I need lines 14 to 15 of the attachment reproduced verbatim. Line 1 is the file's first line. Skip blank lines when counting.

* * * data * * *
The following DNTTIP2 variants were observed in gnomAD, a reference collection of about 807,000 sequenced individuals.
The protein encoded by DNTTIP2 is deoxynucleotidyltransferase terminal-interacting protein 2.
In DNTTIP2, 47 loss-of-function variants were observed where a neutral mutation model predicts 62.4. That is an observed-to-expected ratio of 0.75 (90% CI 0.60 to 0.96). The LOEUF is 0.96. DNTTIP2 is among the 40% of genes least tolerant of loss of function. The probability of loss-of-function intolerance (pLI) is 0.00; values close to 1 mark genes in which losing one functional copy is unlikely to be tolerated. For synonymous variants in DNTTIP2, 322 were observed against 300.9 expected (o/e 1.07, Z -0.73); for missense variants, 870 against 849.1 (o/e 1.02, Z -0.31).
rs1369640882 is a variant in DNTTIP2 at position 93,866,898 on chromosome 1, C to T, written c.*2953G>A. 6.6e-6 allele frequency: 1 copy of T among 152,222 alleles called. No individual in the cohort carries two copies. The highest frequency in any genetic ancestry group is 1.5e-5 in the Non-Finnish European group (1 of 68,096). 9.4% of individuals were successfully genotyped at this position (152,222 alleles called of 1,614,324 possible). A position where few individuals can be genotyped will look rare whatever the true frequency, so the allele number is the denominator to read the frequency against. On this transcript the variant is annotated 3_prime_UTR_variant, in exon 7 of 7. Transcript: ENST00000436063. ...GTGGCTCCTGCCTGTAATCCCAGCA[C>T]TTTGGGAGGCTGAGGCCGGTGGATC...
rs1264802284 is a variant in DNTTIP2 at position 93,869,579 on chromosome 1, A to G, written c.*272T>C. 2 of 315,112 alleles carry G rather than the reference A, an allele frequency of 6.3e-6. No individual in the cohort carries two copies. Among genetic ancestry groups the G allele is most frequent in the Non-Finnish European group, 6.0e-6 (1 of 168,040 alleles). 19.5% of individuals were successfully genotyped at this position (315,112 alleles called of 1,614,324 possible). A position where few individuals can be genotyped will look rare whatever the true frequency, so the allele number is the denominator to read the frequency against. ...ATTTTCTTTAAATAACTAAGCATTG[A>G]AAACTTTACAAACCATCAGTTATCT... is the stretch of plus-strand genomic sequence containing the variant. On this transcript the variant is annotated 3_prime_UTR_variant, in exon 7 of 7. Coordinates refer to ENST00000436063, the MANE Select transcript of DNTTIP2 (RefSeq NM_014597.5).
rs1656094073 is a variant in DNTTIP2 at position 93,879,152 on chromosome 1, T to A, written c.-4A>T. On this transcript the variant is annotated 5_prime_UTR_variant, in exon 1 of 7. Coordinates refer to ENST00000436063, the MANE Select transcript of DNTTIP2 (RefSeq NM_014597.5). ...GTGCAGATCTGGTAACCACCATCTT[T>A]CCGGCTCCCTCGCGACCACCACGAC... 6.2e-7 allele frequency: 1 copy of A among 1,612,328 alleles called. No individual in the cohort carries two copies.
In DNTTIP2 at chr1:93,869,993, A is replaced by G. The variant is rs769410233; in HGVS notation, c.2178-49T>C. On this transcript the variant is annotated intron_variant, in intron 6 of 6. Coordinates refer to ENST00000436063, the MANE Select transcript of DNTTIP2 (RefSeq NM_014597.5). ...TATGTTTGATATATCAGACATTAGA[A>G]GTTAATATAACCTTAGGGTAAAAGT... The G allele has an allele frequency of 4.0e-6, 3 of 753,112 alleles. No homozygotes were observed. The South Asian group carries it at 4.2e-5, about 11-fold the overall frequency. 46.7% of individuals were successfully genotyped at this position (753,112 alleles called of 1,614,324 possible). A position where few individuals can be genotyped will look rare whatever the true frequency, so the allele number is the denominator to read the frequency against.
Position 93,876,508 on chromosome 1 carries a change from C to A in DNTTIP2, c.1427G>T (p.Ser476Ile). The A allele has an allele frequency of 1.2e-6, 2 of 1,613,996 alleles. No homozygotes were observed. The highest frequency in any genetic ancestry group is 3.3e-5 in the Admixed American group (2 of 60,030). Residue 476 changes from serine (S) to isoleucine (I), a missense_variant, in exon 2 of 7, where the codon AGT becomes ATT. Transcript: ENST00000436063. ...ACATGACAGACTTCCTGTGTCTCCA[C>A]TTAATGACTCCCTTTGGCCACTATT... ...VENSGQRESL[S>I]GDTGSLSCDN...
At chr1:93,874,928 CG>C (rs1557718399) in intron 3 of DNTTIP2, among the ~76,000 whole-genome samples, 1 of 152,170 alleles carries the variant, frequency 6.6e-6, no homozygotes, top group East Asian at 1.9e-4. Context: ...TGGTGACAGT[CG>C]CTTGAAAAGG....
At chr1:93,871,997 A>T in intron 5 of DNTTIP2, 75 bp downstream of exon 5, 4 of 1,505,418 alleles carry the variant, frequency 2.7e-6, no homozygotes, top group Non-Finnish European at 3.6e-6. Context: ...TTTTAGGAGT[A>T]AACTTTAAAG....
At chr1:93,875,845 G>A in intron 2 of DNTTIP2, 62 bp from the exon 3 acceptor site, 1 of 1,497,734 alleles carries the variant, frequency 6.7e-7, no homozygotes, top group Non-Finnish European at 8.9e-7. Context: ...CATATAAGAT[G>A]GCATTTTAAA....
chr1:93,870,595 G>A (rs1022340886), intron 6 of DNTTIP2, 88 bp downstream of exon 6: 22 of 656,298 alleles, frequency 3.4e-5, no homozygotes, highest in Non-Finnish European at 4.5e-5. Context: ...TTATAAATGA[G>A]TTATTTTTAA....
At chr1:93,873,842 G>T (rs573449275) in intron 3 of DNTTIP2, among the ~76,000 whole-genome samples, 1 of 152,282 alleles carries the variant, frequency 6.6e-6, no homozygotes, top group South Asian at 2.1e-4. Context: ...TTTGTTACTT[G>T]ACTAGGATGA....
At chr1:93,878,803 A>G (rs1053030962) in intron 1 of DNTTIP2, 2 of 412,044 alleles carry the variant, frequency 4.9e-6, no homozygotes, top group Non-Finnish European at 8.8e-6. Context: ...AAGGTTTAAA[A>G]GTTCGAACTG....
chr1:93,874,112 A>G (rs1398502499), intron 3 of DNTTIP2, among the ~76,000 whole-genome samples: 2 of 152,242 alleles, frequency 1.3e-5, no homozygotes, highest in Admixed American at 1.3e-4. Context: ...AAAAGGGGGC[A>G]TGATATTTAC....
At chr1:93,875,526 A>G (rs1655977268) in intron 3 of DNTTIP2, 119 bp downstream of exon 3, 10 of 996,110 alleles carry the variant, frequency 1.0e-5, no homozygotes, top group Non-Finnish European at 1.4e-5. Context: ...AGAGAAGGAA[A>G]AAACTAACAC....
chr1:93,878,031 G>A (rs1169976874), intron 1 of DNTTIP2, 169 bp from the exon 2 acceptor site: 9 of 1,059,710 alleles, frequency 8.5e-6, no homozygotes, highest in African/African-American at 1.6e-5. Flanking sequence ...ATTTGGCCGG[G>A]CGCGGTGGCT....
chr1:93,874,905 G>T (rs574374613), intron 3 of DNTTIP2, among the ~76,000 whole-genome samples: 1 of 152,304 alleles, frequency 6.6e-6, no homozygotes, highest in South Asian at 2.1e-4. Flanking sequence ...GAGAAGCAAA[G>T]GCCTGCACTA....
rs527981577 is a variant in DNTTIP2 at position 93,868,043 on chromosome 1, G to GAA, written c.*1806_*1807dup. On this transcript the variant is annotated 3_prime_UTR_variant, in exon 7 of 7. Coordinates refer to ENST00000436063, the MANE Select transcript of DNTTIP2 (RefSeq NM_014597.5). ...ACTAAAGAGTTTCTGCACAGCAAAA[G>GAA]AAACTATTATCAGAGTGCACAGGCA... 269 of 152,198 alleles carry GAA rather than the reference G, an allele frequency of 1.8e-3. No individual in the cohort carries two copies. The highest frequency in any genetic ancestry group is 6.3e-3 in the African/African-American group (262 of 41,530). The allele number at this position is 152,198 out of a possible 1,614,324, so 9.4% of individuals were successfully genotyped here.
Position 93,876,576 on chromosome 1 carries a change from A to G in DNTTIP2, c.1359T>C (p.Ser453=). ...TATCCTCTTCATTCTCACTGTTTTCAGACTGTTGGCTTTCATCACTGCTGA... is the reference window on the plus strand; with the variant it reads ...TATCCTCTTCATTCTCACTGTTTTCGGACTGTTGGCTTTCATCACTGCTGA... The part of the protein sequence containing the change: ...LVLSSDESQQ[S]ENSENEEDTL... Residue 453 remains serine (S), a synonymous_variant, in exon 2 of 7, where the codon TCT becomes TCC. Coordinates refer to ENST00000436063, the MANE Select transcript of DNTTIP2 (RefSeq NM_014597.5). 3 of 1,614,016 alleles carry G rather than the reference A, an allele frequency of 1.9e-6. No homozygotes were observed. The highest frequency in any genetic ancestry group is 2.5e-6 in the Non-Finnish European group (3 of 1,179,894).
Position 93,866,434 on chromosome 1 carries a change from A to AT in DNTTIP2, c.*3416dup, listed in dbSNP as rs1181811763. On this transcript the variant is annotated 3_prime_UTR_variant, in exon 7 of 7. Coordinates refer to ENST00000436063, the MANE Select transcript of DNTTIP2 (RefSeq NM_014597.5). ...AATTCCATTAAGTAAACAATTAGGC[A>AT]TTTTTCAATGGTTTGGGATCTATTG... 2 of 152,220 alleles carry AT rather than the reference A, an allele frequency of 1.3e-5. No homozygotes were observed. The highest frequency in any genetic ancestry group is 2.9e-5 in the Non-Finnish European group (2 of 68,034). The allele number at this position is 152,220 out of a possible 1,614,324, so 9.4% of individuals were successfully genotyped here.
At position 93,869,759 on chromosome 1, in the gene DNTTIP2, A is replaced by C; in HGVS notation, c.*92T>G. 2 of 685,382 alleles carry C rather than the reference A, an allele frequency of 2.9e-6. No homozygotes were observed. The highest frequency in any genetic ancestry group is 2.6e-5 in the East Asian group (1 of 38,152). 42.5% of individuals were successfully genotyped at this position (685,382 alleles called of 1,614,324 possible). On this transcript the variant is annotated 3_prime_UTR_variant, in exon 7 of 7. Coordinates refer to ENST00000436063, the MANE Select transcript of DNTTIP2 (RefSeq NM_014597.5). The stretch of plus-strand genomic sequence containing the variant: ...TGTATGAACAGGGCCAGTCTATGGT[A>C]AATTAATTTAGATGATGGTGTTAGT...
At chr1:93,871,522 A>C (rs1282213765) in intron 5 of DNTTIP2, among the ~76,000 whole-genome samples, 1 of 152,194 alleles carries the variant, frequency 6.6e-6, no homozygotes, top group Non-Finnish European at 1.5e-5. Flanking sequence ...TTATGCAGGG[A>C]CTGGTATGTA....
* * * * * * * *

At chr1:93,878,803 A>G (rs1053030962) in intron 1 of DNTTIP2, 2 of 412,044 alleles carry the variant, frequency 4.9e-6, no homozygotes, top group Non-Finnish European at 8.8e-6. Context: ...AAGGTTTAAA[A>G]GTTCGAACTG....
chr1:93,874,112 A>G (rs1398502499), intron 3 of DNTTIP2, among the ~76,000 whole-genome samples: 2 of 152,242 alleles, frequency 1.3e-5, no homozygotes, highest in Admixed American at 1.3e-4. Context: ...AAAAGGGGGC[A>G]TGATATTTAC....